What does Psychology have to do with War, Peace, and Conflict?
This lecture, appropriate for Introductory Psychology, Social Psychology, and other courses, examines the role of basic psychological mechanisms in the phenomenon of war and peace at different levels of human experience. Also suitable for other courses concerning war and peace that would like to add an element of psychology.
Using Family Culture to Demonstrate the Principles, Problems, and Potential of Intercultural Interaction
This hands-on exercise uses a culture everyone knows, that of their own family, to demonstrate a number of important principles about intercultural understanding. Interculturalism, or multiculturalism, is seen today as an important part of a college education. However, many students in Wisconsin have had little or no contact with others from recognizably different cultures, and may thus feel that they have little experience in multiculturalism. This may lead to discomfort when discussing such issues, or in the failure to understand the value of multicultural education. Dr. Hatcher’s exercise also points out how cultural differences can lead to misunderstandings and misperceptions, and can be used to demonstrate the value of learning from other cultures. The exercise, with introduction and discussion, can be done in 45 minutes, and is suitable for large or small groups.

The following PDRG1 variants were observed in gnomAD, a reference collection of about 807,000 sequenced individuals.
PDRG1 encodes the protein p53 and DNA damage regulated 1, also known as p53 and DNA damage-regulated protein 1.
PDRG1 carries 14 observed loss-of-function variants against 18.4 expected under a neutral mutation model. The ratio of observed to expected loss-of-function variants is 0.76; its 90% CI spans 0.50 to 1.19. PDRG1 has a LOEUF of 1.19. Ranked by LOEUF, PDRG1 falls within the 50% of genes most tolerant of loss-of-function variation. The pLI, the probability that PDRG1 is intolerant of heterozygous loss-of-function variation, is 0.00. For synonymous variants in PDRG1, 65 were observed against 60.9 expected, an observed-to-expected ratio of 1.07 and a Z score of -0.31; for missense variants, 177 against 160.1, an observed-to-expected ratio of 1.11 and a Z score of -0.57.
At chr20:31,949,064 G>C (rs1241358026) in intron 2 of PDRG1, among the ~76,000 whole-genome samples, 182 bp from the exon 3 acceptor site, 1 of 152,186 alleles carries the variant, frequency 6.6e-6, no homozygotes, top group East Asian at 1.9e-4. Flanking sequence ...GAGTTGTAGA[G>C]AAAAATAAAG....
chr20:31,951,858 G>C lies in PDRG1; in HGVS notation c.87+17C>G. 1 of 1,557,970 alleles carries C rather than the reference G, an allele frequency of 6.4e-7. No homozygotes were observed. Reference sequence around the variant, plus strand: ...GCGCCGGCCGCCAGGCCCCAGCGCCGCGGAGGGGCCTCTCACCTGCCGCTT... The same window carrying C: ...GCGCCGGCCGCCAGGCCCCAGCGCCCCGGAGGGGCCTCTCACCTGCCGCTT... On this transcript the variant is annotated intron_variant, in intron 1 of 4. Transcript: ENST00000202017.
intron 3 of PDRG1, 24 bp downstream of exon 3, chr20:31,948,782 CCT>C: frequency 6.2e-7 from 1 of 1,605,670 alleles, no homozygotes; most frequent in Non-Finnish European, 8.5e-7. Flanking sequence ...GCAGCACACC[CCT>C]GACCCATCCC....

Peace Studies and Psychology
This presentation is meant to take one class of an introductory psychology or other psychology class and show how basic concepts of psychology can be applied to issues of war and peace.
Joe W. Hatcher, Jr.
Professor of Psychology
The War in Afghanistan: Working for Nonviolent Solutions
Patrick Kennelly has been studying the efforts of the Afghan Peace Volunteers to explore nonviolent solutions to the war in their country. This talk examines the history of the conflict in Afghanistan, the methods of nonviolence, and the motivation of Afghan peacemakers.